Matt Brooklier – Longbow Research

Okay. So 800 units potentially in 2013 on the delivery side and then the capacity looks like it’s somewhat 40 – almost 5,000 cars potentially if you’re up to full strength?

Jim Cowan

You are correct.

Matt Brooklier – Longbow Research

Okay. And just having that particular facility in that part of the world, how do you look at that from a geographic perspective and in terms of potentially selling into other markets?

Jim Cowan

I mean obviously, we’ve positioned it there for the Australian market, Bangladesh is on the India rail, that’s another market, not as big South Africa is market and certainly Saudi Arabia that I’ve just discussed is a market. Actually the whole of Middle East, there will be some – I think some gains there in terms of rail, freight rail over the next five to 10 years, not just in Saudi, but several other Middle East countries as well. So thus we think India is positioned very well. It will not of course move cars to China or Russia, but...

Matt Brooklier – Longbow Research

Right.

Jim Cowan

...the whole – that other portion of the world we’re ready.

Matt Brooklier – Longbow Research

Okay. And last question that the Chinese car failures within Saudi Arabia, and Saudi Arabia going to an AAR approved or standardized car. Is that – are there other parts of the world where that is also happening?

Jim Cowan

Not to my knowledge, no. Most markets whether it would be China or Russia, the other big ones; they kind of have their own internal standard that they require. Lot of them are either copying AAR standards or trying to upgrade to that standard. But the only group I am aware that’s just I’m sure there’s few others, but Saudi has said, they want to get everything AAR certified.

Matt Brooklier – Longbow Research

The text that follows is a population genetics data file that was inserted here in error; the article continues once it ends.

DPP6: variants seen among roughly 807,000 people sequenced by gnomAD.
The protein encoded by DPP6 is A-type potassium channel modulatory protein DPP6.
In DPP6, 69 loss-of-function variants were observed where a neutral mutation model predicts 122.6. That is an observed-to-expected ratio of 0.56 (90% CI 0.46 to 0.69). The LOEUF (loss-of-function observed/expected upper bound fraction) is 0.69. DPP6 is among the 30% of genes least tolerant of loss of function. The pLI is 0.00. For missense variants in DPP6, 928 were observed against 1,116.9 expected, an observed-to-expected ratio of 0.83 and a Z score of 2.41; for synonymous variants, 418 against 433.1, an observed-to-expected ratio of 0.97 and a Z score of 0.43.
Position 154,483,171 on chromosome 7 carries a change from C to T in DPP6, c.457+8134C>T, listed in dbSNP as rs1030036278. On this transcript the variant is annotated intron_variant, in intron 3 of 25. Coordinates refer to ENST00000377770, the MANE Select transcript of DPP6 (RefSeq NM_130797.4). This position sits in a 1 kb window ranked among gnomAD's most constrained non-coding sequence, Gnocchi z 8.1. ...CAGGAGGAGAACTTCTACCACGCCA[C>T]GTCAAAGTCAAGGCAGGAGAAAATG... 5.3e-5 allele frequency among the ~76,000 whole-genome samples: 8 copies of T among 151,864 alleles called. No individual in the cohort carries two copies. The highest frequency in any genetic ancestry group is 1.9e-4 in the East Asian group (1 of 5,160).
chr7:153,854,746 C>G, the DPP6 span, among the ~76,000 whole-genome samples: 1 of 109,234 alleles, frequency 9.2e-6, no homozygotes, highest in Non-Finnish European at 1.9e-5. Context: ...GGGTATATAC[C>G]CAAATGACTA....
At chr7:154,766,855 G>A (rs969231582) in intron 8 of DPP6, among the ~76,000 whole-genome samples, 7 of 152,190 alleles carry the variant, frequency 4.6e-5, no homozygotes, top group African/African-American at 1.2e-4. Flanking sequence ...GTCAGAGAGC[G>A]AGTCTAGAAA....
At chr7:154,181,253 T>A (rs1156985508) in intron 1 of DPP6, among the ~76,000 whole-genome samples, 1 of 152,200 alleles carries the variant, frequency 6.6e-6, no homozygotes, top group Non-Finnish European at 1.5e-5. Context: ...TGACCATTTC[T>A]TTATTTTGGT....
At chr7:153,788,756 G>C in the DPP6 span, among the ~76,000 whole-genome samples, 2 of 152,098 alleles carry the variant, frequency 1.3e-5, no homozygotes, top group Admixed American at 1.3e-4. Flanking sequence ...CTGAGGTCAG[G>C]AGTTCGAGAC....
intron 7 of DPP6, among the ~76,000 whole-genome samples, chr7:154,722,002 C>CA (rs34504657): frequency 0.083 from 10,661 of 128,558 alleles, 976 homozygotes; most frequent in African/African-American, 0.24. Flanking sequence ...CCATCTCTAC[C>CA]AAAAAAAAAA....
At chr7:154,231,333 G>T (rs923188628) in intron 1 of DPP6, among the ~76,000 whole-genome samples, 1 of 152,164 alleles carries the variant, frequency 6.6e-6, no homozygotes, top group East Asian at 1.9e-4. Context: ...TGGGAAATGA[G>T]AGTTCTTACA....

Okay. Thanks again for the time.

Operator

Thank you. Our next question or comment comes from the line of Steve Barger from KeyBanc Capital Markets. Your line is open.

Tony – KeyBanc Capital Markets

It’s Tony in for Steve. I think you guys might have mentioned this earlier in the call, sorry I missed it, but with regards to the India facility, you guys are saying up to 800 units for fiscal 2013. Are you expecting that to be EPS positive?

Jim Cowan

I really think you’re probably looking at a breakeven of the – setting this whole business plan up, that is right around our breakeven point.

Tony – KeyBanc Capital Markets

Got it. Thank you.

Operator

Thank you. Our next question or comment comes from the line of Mr. Tim Curro from Value Holdings. Your line is open.

Tim Curro – Value Holdings

Backlog value at the end of the period?

Dale Davies

I didn’t get the question. Could you repeat that please?

Tim Curro – Value Holdings

The backlog value for the railcars at the end of the period?

Dale Davies

Okay, backlog....

Tim Curro – Value Holdings

Last quarter (inaudible)?

Dale Davies

Okay.

Tim Curro – Value Holdings

(Inaudible)?

Dale Davies

I didn’t get that voice.

Jim Cowan

$944 million in the backlog at the end of September.

Tim Curro – Value Holdings

Okay. So the value for (inaudible) has gone up. Is that because of the mix?

Dale Davies

Yeah, it is. There is a lot of tank cars in our backlog and there’s a lot of large tank cars in our backlog.

Tim Curro – Value Holdings

Okay. Now one other question, why are deferred taxes running about $8 million per quarter this year, I mean it’s good for cash flow, but I’m – I just like to get an understanding of why that is?

Dale Davies

Yeah, it’s a result of us building the lease cars for our own lease fleet. There is depreciation rules allow you to take accelerated depreciation on railcars. And in 2011 and in 2012 there is additional bonus depreciation that you are eligible for. And actually in 2011, the bonus depreciation was 100%. So that meant you could depreciate 100% of the value of the car in that year.

For 2012, the bonus depreciation it’s 50%. So you can depreciate 50% of the value of the car under bonus depreciation and then you can still take the normal seven-year makers depreciation on the remaining balance on that car. So basically we’re getting 57% depreciation on the cars going into lease fleet this year, so that creates a fairly significant tax shelter, if you will, and sort of offsets the income taxes that would be payable from profits on our manufacturing business.

Tim Curro – Value Holdings

All right. Thank you very much.

Dale Davies

You’re welcome.

Operator

Thank you. (Operator Instructions) I’m showing no additional audio questions at this time, sir.

Jim Cowan

All right. We just want to thank everybody for your continued interest in ARI and we look forward to discussing our fourth quarter results in a few months. Thank you.

Operator

Ladies and gentlemen, thank you for participating in today’s conference. This concludes the program. You may now disconnect. Everyone have a wonderful day.